Weslaco, Texas — Potentially thousands of migrant children held in government-sponsored detention centers may soon be released after a policy reversal from the Trump administration.

The Department of Health and Human Services said it will no longer require FBI fingerprinting of all adults living with prospective sponsors-- information that was then shared with Immigration and Customs Enforcement. The announcement essentially cancels the policy put in place six months ago.

The reversal could lead to speedier releases of the nearly 1,500 migrant children held at detention centers and shelters across the country, including the ‘tent city’ in Tornillo, Texas where there’s roughly 2,800 teens.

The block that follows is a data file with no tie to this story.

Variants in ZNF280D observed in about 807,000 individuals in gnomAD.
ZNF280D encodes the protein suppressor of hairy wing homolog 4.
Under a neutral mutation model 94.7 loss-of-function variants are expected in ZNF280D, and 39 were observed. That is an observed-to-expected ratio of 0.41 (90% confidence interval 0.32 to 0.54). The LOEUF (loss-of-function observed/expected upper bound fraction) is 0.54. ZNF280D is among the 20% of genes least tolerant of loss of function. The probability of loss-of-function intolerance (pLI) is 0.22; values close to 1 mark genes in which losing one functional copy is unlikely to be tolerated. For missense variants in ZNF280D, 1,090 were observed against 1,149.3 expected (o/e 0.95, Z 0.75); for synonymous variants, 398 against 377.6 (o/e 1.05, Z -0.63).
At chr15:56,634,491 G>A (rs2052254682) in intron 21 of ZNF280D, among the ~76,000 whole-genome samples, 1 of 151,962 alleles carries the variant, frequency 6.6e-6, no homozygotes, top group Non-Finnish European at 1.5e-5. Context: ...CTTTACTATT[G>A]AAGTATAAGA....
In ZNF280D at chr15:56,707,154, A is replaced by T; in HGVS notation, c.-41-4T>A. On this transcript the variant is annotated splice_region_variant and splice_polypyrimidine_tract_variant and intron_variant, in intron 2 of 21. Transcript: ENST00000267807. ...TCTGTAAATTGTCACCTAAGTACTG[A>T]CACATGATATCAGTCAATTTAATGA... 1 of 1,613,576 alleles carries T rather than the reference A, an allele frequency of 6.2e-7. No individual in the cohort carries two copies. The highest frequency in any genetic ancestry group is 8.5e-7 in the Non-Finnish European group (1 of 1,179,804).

HHS’s Office of Refugee Resettlement determined the fingerprinting policy affected the timely release of children because of the fear ICE would use the information to target other undocumented immigrants in the household.

The move comes as the contract between HHS and the San Antonio-bases non-profit BCFS, which runs the Tornillo facility, is set to expire on Dec. 31 with no word yet on a renewal.

Congressman Will Hurd, whose district includes Tornillo, expressed concern about the effects of child detention and called for a long-term solution in Central America.

“We should be talking about increasing funding to USAID and State Department in order to deal with violence and economic issues in those countries, which are the drivers of that net migration here to the United States,” said Hurd.

FBI fingerprinting for actual sponsors will continue as part of the vetting process for qualification.